Water Systems Council analyzes 2023 State of the U.S. Water Well Industry report

Sept. 8, 2023

Commissioned by the Water Systems Council (WSC), and conducted by a third-party company, WSC produced a survey and compiled a report on the State of the U.S. Water Well Industry

The 2023 State of the U.S. Water Well Industry reports on how the industry looked as we closed out 2022 and the outlook for 2023. Industry members stepped up to share their perspectives. Survey respondents were asked to weigh in on their industry outlook, regulation, workforce challenges, weather, technology and investment. In addition, survey respondents shared information about themselves and their businesses. Thanks to widespread participation, the industry now has data and insights that inform and drive action.  

Overall, there were 890 respondents representing over 550 companies that completed the survey, including 577 contractors and 313 suppliers. 

“Cautious optimism.” That is the phrase most often used to describe the water well industry in 2023. With interest rates on the rise and uncertainty around the economy, there is reason for pause. But high demand, strong backlogs, and thoughtful business planning left participants hopeful for another good year.  

“Everyone I talk to is extremely optimistic. They have a backlog of work, some into 2024. It is encouraging to hear that drillers, pump installers, and technicians have a significant backlog of work,” said Matt Servant with Pentair and president of the Water Systems Council Board of Directors.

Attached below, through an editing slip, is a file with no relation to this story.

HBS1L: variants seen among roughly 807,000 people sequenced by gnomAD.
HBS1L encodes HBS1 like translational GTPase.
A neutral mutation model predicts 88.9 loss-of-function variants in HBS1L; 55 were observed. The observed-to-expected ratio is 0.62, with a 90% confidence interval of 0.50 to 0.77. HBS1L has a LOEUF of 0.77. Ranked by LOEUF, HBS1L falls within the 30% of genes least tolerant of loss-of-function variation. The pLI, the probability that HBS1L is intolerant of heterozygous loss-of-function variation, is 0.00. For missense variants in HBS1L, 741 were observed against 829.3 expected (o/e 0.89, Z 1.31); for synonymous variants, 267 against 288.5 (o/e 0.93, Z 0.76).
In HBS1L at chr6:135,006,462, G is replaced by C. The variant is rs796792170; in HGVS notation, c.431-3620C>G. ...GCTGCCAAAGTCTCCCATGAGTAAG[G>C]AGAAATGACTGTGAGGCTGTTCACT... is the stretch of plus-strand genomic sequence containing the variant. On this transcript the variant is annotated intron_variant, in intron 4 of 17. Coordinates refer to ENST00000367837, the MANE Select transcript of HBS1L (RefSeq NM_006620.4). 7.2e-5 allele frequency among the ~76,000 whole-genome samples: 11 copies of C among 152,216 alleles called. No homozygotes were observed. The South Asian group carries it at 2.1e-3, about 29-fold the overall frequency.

Digging into the results  

Nationally, the average well contractor has 13 employees and $2.4M in annual revenue. This represents an increase in revenue over the 2022 report by $500K. However, contractors pointed out that revenue was boosted largely by significant price increases for goods sold and does not always indicate a growing business or increasing margins. 

The well contractors reported owning an average of 2.9 drill rigs and drilling 58 wells per rig per year. Annually, contractors reported drilling an average of 111 wells per year and those doing geothermal work reported doing 47 geothermal wells per year. Residential/light commercial is the most predominant market with 94% of respondents serving this market. 

While industry participants remain positive, the overall optimism outlook for the industry slipped from 7.3 for 2022 to 6.9 for 2023, a 6% decrease in optimism. The Southeast leads in optimism for 2023, while the Northeast is the least optimistic, and, at 18%, also has the greatest percentage of contractors reporting a decrease in revenue.  

Positive factors like home starts and the economy continue to drive optimism, followed by urban flight and the increased awareness of water quality. In fact, water quality entered the top three positive factors for the Mid-Atlantic and Northeast regions. 

“In our area [North Carolina], we don’t think a recession will impact our business. We are insulated due to development. Builders are not slowing down,” said John Boyette with Boyette Well and Septic. 

Industry challenges

However, negative factors like inflation weighed on industry participants as the health of the overall economy leaped to the number two concern. Inflation is top of mind for good reason – although in decline since its peak in June of 2022, the annual inflation rate remains the highest in decades. And, although “Economy” makes an appearance as both the #2 positive factor and the #2 negative factor, 16% more respondents rated it as a negative.